What the hell does “real world” means? What’s in there that makes you nervous?

Here are my unsolicited advice – from someone who graduated a decade ago. Since I graduated, the world has dramatically changed. During my ten years of journey in the so called real world, I was able to collect some worthwhile lessons that might guide you as you start your own outside the walls of your university.

  1. Dream big but learn to appreciate the small blessings. Forget what your arrogant professor has told you that you must not accept a job offer that will not pay you a huge sum of money (yabang niya lang ‘yun). No employer will pay you a six-digit salary as a new graduate whose learning came from textbooks. Aim for the experience first and do not go after the external rewards – yet. Learn from these experiences as much as you can. Know your colleagues – interact and learn from them. Remember, you are just in the first few steps of your long worthwhile journey. Appreciating small blessings doesn’t mean abandoning your big dreams.
  2. Grow and nurture your network. As you continue in your first job, start expanding and nurturing your network. Be likeable in your workplace. However, do not limit your networking within your office. Go out and attend various activities that interest you – whether it is related to your job or about your hobbies or personal interests. Introduce yourself to strangers in those events. Get their mobile numbers, email addresses or anything that may reconnect you with them. Maintain your communication with those individuals that fascinated you. Breakout opportunities usually come to those who are visible, believable and likeable!
  3. Read. Keep learning new things every day. Don’t abandon your reading habits. Read newly published books related to your job or to your interests. This time you have all the freedom to choose what books you want to read and when to finish them. By reading, you will encounter new ideas that might trigger you to think and new concepts that might excite you. If your interest is to start up a business, you may explore Richard Branson, Chris Guillebeau and Guy Kawasaki.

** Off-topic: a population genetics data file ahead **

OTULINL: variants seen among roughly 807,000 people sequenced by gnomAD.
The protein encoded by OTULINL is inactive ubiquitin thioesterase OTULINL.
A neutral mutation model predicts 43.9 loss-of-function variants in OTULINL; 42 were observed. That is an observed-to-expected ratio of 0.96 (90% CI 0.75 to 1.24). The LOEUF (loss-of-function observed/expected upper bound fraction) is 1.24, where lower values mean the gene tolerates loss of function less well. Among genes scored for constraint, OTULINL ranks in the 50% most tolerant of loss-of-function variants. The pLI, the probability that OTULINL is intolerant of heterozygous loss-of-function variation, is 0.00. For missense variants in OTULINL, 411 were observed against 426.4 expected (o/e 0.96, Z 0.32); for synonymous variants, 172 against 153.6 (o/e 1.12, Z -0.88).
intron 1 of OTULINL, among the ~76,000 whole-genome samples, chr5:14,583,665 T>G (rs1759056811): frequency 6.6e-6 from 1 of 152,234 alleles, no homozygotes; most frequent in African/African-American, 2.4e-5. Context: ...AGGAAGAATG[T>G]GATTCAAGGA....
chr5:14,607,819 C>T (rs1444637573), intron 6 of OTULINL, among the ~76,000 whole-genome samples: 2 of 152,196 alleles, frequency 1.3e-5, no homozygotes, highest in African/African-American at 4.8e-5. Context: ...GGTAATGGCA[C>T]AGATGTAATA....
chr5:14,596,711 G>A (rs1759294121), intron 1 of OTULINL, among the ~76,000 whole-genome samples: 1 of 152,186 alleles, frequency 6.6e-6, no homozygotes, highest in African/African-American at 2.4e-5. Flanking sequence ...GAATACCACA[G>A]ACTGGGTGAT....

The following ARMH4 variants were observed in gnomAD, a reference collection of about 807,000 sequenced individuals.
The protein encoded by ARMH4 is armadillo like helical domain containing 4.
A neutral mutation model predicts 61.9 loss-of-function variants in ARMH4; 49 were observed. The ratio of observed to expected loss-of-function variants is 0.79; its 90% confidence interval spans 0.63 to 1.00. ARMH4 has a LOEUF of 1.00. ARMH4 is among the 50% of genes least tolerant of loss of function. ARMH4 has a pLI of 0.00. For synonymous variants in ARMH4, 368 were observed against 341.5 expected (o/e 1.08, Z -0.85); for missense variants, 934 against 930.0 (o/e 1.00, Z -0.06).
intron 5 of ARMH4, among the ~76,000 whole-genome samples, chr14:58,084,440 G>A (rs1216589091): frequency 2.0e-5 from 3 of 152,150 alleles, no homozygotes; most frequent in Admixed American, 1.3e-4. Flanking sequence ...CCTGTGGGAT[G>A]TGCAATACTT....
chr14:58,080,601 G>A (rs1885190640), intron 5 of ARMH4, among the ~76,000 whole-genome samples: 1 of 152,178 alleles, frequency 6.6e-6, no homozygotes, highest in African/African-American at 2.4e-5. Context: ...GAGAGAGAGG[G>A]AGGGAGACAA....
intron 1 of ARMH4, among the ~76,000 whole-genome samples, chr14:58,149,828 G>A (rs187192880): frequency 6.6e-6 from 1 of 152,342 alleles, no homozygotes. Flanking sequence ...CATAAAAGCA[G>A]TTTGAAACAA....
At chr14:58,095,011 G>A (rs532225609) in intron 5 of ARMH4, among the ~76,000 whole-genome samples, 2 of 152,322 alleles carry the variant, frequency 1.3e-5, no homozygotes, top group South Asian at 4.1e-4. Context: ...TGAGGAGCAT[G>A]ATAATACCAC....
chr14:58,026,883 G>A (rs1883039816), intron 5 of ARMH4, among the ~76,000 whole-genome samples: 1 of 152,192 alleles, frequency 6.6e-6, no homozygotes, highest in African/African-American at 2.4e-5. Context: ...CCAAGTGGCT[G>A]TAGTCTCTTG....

4. “Self” Review. Oops! Don’t worry there is no exam. By this, I mean is to always find time to reflect. After 1 year or so on your first job, try to ask yourself the following questions: “am I still learning?”, “am I still excited to go to the office?”, “Would I still want to spend my next two years or so in this company or job?”, “What do I want to do after I resign?”, “What new learning did I acquire?”, “What are the new things that make me excited?”. If you don’t reflect, you just merely exist. You are not living.
  5. If career is a road, then the “wrong way” sign is not applicable and “swerving” is highly advisable. I am a Secondary School Teacher by profession; however, I have spent 7 years of my life in the mining industry in the area of stakeholder relations. Subsequently, I resigned from my job and started my own training & consultancy firm (http://grupposocial.wordpress.com/2013/03/18/meet-our-team-at-grupposocial/). Others thought of me as crazy for leaving from my relatively high-paying job.  Find what will make you happy. Take risks. “If you are not willing to risk the usual you will have to settle for the ordinary.” (Jim Rohn). As you gain more experience; a wider network and a new set of skills, you don’t already deserve the ordinary.

I believe the “real world” is exciting and full of opportunities -contrary to what your professors have said. There is nothing scary in your world now! Find your niche in this “real world” and move.

You are lucky that you graduated in this period where many of the tools that you can use to succeed and serve others are coming to you for free; that you can connect easily to a lot of useful materials; that you can explore the ideas of different individuals around the globe that can inspire you to create your own.

Congratulations! The real world is excited about you!